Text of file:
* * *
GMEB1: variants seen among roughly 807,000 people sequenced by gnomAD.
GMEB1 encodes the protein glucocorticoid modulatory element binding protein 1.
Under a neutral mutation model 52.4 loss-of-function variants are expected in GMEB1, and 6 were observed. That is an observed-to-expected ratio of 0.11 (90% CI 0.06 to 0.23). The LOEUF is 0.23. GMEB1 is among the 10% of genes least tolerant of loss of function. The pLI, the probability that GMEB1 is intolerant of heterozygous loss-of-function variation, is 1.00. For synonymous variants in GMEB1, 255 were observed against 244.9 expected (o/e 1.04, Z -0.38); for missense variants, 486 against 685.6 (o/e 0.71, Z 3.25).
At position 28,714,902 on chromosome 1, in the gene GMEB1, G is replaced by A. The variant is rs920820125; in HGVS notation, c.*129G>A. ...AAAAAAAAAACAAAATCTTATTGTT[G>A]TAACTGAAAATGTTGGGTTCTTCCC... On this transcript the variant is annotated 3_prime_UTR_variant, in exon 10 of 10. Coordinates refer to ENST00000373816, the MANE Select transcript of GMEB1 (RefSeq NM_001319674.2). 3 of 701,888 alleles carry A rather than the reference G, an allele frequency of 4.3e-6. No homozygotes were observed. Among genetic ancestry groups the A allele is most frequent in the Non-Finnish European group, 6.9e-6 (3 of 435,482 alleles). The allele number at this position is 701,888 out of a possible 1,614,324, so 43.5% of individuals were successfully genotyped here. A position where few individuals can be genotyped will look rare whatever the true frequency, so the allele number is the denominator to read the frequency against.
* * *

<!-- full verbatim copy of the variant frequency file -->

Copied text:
GMEB1: variants seen among roughly 807,000 people sequenced by gnomAD.
GMEB1 encodes the protein glucocorticoid modulatory element binding protein 1.
Under a neutral mutation model 52.4 loss-of-function variants are expected in GMEB1, and 6 were observed. That is an observed-to-expected ratio of 0.11 (90% CI 0.06 to 0.23). The LOEUF is 0.23. GMEB1 is among the 10% of genes least tolerant of loss of function. The pLI, the probability that GMEB1 is intolerant of heterozygous loss-of-function variation, is 1.00. For synonymous variants in GMEB1, 255 were observed against 244.9 expected (o/e 1.04, Z -0.38); for missense variants, 486 against 685.6 (o/e 0.71, Z 3.25).
At position 28,714,902 on chromosome 1, in the gene GMEB1, G is replaced by A. The variant is rs920820125; in HGVS notation, c.*129G>A. ...AAAAAAAAAACAAAATCTTATTGTT[G>A]TAACTGAAAATGTTGGGTTCTTCCC... On this transcript the variant is annotated 3_prime_UTR_variant, in exon 10 of 10. Coordinates refer to ENST00000373816, the MANE Select transcript of GMEB1 (RefSeq NM_001319674.2). 3 of 701,888 alleles carry A rather than the reference G, an allele frequency of 4.3e-6. No homozygotes were observed. Among genetic ancestry groups the A allele is most frequent in the Non-Finnish European group, 6.9e-6 (3 of 435,482 alleles). The allele number at this position is 701,888 out of a possible 1,614,324, so 43.5% of individuals were successfully genotyped here. A position where few individuals can be genotyped will look rare whatever the true frequency, so the allele number is the denominator to read the frequency against.